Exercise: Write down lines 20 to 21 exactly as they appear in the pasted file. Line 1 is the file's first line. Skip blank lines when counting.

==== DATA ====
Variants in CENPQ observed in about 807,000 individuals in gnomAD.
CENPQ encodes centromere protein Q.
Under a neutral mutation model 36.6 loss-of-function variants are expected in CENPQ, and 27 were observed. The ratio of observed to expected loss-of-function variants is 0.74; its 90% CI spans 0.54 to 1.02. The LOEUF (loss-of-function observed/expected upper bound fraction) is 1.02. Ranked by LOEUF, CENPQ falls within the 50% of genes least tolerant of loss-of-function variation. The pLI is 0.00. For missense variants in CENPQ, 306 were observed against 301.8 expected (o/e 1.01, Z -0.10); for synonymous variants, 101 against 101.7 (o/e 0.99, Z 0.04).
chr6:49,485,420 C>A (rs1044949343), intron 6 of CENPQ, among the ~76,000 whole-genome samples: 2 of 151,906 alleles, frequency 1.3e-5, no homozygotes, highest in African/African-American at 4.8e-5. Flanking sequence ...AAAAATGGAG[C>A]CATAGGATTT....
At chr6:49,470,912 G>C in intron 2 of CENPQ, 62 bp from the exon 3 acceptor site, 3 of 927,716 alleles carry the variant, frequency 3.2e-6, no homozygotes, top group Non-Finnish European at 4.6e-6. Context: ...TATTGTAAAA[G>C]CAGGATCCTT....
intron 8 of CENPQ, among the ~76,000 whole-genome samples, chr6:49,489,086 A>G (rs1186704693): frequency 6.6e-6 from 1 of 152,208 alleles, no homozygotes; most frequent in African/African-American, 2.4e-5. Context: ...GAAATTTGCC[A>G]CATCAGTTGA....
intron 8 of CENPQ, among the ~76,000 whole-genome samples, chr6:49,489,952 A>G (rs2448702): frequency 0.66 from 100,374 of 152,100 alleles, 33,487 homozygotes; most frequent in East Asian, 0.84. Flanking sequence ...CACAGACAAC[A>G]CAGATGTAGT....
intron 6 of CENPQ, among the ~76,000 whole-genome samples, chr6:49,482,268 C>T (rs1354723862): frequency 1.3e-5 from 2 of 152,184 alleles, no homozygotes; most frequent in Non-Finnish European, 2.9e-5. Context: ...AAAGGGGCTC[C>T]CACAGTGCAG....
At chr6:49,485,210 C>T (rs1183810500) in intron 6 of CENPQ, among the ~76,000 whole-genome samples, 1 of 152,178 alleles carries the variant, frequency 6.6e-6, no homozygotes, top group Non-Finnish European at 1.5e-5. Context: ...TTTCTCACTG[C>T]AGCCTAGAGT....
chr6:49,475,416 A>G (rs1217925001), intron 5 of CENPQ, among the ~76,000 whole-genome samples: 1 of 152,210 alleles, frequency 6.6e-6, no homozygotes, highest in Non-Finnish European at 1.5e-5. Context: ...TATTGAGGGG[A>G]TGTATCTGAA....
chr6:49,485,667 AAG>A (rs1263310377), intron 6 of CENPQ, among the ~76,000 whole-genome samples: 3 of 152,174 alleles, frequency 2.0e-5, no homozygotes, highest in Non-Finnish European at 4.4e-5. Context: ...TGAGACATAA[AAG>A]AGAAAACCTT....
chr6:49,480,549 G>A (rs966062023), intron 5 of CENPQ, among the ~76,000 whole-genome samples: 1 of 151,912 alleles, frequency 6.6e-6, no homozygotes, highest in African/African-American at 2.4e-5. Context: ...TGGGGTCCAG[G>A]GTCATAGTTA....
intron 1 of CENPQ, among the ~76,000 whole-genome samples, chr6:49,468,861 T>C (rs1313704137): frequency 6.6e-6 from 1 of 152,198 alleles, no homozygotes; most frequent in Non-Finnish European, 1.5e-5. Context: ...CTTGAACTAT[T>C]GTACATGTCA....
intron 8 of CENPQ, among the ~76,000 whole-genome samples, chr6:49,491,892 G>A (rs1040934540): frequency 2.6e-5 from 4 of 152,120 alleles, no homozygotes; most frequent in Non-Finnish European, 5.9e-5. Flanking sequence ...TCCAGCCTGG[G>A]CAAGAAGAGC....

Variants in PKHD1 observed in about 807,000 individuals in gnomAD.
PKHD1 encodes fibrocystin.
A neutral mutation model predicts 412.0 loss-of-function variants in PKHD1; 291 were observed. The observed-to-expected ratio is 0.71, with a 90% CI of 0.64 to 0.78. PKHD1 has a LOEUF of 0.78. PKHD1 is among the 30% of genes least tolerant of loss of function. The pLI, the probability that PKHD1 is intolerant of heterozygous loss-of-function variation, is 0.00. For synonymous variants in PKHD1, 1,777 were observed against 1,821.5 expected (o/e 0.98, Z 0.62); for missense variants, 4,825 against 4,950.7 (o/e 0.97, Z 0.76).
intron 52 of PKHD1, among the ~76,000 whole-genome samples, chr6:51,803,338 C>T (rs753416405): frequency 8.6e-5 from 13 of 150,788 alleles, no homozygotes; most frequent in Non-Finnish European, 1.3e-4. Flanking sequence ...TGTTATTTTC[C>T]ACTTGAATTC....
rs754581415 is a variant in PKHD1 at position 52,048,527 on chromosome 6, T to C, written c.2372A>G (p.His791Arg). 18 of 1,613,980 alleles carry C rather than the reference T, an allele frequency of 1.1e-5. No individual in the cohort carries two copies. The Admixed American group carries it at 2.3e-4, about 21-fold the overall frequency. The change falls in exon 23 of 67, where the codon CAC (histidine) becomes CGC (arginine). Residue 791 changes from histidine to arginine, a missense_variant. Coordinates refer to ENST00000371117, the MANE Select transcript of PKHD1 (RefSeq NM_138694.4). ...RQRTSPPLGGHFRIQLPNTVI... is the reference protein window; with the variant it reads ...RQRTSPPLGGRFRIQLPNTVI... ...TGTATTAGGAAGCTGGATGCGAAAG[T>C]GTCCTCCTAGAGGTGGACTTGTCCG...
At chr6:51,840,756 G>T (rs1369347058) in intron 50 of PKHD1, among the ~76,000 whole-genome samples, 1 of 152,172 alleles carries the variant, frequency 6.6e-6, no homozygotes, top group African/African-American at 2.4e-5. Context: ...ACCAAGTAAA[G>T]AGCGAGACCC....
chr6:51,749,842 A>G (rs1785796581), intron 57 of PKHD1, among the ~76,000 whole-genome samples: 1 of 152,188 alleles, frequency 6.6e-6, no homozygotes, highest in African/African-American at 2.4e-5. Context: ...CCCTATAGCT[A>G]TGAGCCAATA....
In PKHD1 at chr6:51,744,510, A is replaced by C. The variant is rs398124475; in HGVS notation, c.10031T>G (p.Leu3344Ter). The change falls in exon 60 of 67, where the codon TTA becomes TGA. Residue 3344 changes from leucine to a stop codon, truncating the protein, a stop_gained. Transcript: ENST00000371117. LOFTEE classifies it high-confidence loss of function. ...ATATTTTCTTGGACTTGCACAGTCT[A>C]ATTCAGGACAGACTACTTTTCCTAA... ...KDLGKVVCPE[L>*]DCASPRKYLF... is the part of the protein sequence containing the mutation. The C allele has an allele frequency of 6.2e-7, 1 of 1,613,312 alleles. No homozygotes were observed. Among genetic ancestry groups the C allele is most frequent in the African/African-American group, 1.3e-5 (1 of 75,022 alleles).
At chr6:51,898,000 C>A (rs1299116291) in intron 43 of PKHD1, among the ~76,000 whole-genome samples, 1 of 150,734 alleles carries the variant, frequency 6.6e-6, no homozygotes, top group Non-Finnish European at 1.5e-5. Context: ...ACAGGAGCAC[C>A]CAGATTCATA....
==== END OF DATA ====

At chr6:51,840,756 G>T (rs1369347058) in intron 50 of PKHD1, among the ~76,000 whole-genome samples, 1 of 152,172 alleles carries the variant, frequency 6.6e-6, no homozygotes, top group African/African-American at 2.4e-5. Context: ...ACCAAGTAAA[G>T]AGCGAGACCC....
chr6:51,749,842 A>G (rs1785796581), intron 57 of PKHD1, among the ~76,000 whole-genome samples: 1 of 152,188 alleles, frequency 6.6e-6, no homozygotes, highest in African/African-American at 2.4e-5. Context: ...CCCTATAGCT[A>G]TGAGCCAATA....